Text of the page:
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Educating future nurses as a ticket out of poverty
Sometimes, an airplane ride can change your life. Rachelle Simmons was college visiting in Baltimore with her son, and mentally noted something unique. “Usually in the inner city, on every corner you see a liquor store or a church – every corner. And there (Baltimore), on every corner there was a clinic! Or there was a hospital! Gosh, if I lived here, I would teach CNAs.”
Soon after returning home, Simmons, a veteran registered nurse, registered for a class to learn how to teach Certified Nurse Assistants, completed the necessary paperwork from the Minnesota Department of Health, and was ready to open a school to train future CNAs in the Twin Cities. When she saw an advertisement for NDC’s Plan It! Entrepreneur Training Class in the newspaper, she knew: “Oh my…this has got to be the path I’m supposed to go on!”
This is a Community Voices submission and is moderated but not edited. The opinions expressed by Community Voices contributors are their own and do not necessarily reflect the opinions of the TC Daily Planet.
After interviewing and taking the training class with the Neighborhood Development Center (NDC) in partnership with the Northside Economic Opportunity Network (NEON), Simmons received help with branding, marketing, understanding databases, keeping financials in order and finding a location for her dream. Today, Simmons consistently teaches full classes and has had over 375 students graduate from Foundations Health Career Academy, located in St. Paul’s Frogtown neighborhood. Most of her students are women of color, many are mothers, and most are low-income. Simmons has a passion for her business because she knows that becoming a CNA is the key to getting into the nursing field, and that a nursing career is often a ticket out of poverty.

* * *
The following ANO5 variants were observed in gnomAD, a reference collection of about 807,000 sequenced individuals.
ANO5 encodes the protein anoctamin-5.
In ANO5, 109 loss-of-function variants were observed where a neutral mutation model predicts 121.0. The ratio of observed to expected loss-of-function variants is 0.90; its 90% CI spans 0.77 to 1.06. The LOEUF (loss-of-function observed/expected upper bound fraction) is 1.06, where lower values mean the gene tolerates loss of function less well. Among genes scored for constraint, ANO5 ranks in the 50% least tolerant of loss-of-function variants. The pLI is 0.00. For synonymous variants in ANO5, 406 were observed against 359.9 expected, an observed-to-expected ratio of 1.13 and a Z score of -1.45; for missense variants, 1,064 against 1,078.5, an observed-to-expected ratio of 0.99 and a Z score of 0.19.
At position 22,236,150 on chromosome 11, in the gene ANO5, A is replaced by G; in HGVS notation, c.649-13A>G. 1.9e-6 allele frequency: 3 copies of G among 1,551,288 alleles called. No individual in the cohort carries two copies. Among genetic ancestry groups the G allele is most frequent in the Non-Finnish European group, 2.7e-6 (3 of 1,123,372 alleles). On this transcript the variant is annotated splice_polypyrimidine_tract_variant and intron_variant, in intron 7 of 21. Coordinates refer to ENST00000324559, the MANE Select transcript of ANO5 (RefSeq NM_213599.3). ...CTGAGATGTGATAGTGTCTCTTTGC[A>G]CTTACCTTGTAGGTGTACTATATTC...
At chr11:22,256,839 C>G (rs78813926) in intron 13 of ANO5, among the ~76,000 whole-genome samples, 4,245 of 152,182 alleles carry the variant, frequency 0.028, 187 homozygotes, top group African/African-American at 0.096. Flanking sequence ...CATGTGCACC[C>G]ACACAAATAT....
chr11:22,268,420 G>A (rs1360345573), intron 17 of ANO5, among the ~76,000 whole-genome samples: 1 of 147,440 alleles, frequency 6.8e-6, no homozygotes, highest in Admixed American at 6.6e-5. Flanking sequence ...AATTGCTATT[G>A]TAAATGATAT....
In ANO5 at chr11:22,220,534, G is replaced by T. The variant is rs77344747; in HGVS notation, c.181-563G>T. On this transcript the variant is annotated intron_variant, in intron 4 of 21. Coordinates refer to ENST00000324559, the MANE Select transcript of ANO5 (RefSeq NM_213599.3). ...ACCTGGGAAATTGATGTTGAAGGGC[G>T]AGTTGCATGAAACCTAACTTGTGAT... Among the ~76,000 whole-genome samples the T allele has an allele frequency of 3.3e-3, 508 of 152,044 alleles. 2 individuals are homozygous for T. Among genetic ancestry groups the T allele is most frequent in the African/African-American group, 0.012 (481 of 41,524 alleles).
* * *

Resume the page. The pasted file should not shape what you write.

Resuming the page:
She believes helping to train more CNAs who are people of color will diversify the clinics and hospitals they work in, while benefitting the patients they work with. Simmons has experienced and witnessed how CNAs and nurses who share the same cultural background or speak the same language as the patients they care for is invaluable. It is her passion to recruit more, help them get jobs and make a living wage. After graduating from FHCA, 93 percent are placed into jobs with a starting hourly wage between $12-$20.
NDC has truly made the difference in Simmons’ experience as an entrepreneur. Isabel Chanslor, Director of NDC’s Business Lab, who works closely with Simmons said, “She’s very engaged, funny, hard working, and her business is just growing and growing and growing. She’s doing an incredible job, and she’s doing it all on her own, which is remarkable.”
Simmons’ business has continued to grow despite experiencing a downturn in sales in 2012 due to the light rail construction on University Avenue. However, her business was able to recover in part because of the dollars received from the City of St. Paul’s Ready for Rail Forgivable Loan program. Simmons appreciates the support from NDC. She’s currently working with NDC Business Lab: “I email and call them all the time. They’re like my lifeline.”
For more information on FHCA or to learn more about enrollment, check out www.healthcarejobsmn.com
Neighborhood Development Center is a nonprofit organization that believes in the power drive and daring of local entrepreneurs to transform lives and revitalize neighborhoods. In its 21-year history, NDC has provided business training to more than 4,500 potential entrepreneurs and nearly 500 loans totaling more than $10 million in financing. For more information: call 651-291-2480 or www.NDC-mn.org.
© 2014 Neighborhood Development Center